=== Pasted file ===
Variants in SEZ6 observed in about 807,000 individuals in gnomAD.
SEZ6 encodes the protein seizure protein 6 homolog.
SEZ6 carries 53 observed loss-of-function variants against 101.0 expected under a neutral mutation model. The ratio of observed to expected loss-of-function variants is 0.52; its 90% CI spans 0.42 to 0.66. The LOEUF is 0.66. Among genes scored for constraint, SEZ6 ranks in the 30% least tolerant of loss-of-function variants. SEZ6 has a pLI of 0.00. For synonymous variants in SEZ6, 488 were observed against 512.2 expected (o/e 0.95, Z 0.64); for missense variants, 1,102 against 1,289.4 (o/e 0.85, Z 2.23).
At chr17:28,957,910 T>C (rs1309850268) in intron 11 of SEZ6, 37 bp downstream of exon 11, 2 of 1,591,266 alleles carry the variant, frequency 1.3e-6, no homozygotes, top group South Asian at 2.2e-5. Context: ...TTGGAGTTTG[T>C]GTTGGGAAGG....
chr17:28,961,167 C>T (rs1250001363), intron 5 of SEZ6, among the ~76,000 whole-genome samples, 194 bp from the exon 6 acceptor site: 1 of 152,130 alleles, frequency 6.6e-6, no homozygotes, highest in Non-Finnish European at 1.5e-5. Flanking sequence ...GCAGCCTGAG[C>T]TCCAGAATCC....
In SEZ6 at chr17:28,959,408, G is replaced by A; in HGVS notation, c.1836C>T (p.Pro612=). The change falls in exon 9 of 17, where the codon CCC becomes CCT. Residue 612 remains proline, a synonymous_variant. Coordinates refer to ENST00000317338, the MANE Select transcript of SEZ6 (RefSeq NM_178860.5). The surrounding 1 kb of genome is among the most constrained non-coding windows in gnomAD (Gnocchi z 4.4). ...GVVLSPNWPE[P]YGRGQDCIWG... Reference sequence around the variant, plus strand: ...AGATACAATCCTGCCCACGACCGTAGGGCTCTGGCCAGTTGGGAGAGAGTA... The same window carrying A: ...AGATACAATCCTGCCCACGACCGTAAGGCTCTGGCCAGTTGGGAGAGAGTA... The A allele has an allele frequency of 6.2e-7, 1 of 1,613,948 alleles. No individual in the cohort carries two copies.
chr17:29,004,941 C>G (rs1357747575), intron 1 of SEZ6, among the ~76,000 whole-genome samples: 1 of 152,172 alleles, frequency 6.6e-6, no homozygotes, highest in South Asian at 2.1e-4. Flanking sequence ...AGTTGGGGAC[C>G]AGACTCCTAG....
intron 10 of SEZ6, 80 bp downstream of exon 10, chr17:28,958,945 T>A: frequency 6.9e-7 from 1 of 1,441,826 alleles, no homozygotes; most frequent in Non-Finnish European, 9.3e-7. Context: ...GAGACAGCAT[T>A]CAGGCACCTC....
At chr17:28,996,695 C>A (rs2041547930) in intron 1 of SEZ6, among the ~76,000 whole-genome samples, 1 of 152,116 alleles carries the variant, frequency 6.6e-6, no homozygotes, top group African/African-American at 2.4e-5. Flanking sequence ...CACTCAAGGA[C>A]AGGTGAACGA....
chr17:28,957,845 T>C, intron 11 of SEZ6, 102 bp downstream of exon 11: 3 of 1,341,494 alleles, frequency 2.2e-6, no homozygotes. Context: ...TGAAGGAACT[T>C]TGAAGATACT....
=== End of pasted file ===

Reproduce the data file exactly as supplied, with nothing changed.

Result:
Variants in SEZ6 observed in about 807,000 individuals in gnomAD.
SEZ6 encodes the protein seizure protein 6 homolog.
SEZ6 carries 53 observed loss-of-function variants against 101.0 expected under a neutral mutation model. The ratio of observed to expected loss-of-function variants is 0.52; its 90% CI spans 0.42 to 0.66. The LOEUF is 0.66. Among genes scored for constraint, SEZ6 ranks in the 30% least tolerant of loss-of-function variants. SEZ6 has a pLI of 0.00. For synonymous variants in SEZ6, 488 were observed against 512.2 expected (o/e 0.95, Z 0.64); for missense variants, 1,102 against 1,289.4 (o/e 0.85, Z 2.23).
At chr17:28,957,910 T>C (rs1309850268) in intron 11 of SEZ6, 37 bp downstream of exon 11, 2 of 1,591,266 alleles carry the variant, frequency 1.3e-6, no homozygotes, top group South Asian at 2.2e-5. Context: ...TTGGAGTTTG[T>C]GTTGGGAAGG....
chr17:28,961,167 C>T (rs1250001363), intron 5 of SEZ6, among the ~76,000 whole-genome samples, 194 bp from the exon 6 acceptor site: 1 of 152,130 alleles, frequency 6.6e-6, no homozygotes, highest in Non-Finnish European at 1.5e-5. Flanking sequence ...GCAGCCTGAG[C>T]TCCAGAATCC....
In SEZ6 at chr17:28,959,408, G is replaced by A; in HGVS notation, c.1836C>T (p.Pro612=). The change falls in exon 9 of 17, where the codon CCC becomes CCT. Residue 612 remains proline, a synonymous_variant. Coordinates refer to ENST00000317338, the MANE Select transcript of SEZ6 (RefSeq NM_178860.5). The surrounding 1 kb of genome is among the most constrained non-coding windows in gnomAD (Gnocchi z 4.4). ...GVVLSPNWPE[P]YGRGQDCIWG... Reference sequence around the variant, plus strand: ...AGATACAATCCTGCCCACGACCGTAGGGCTCTGGCCAGTTGGGAGAGAGTA... The same window carrying A: ...AGATACAATCCTGCCCACGACCGTAAGGCTCTGGCCAGTTGGGAGAGAGTA... The A allele has an allele frequency of 6.2e-7, 1 of 1,613,948 alleles. No individual in the cohort carries two copies.
chr17:29,004,941 C>G (rs1357747575), intron 1 of SEZ6, among the ~76,000 whole-genome samples: 1 of 152,172 alleles, frequency 6.6e-6, no homozygotes, highest in South Asian at 2.1e-4. Flanking sequence ...AGTTGGGGAC[C>G]AGACTCCTAG....
intron 10 of SEZ6, 80 bp downstream of exon 10, chr17:28,958,945 T>A: frequency 6.9e-7 from 1 of 1,441,826 alleles, no homozygotes; most frequent in Non-Finnish European, 9.3e-7. Context: ...GAGACAGCAT[T>A]CAGGCACCTC....
At chr17:28,996,695 C>A (rs2041547930) in intron 1 of SEZ6, among the ~76,000 whole-genome samples, 1 of 152,116 alleles carries the variant, frequency 6.6e-6, no homozygotes, top group African/African-American at 2.4e-5. Flanking sequence ...CACTCAAGGA[C>A]AGGTGAACGA....
chr17:28,957,845 T>C, intron 11 of SEZ6, 102 bp downstream of exon 11: 3 of 1,341,494 alleles, frequency 2.2e-6, no homozygotes. Context: ...TGAAGGAACT[T>C]TGAAGATACT....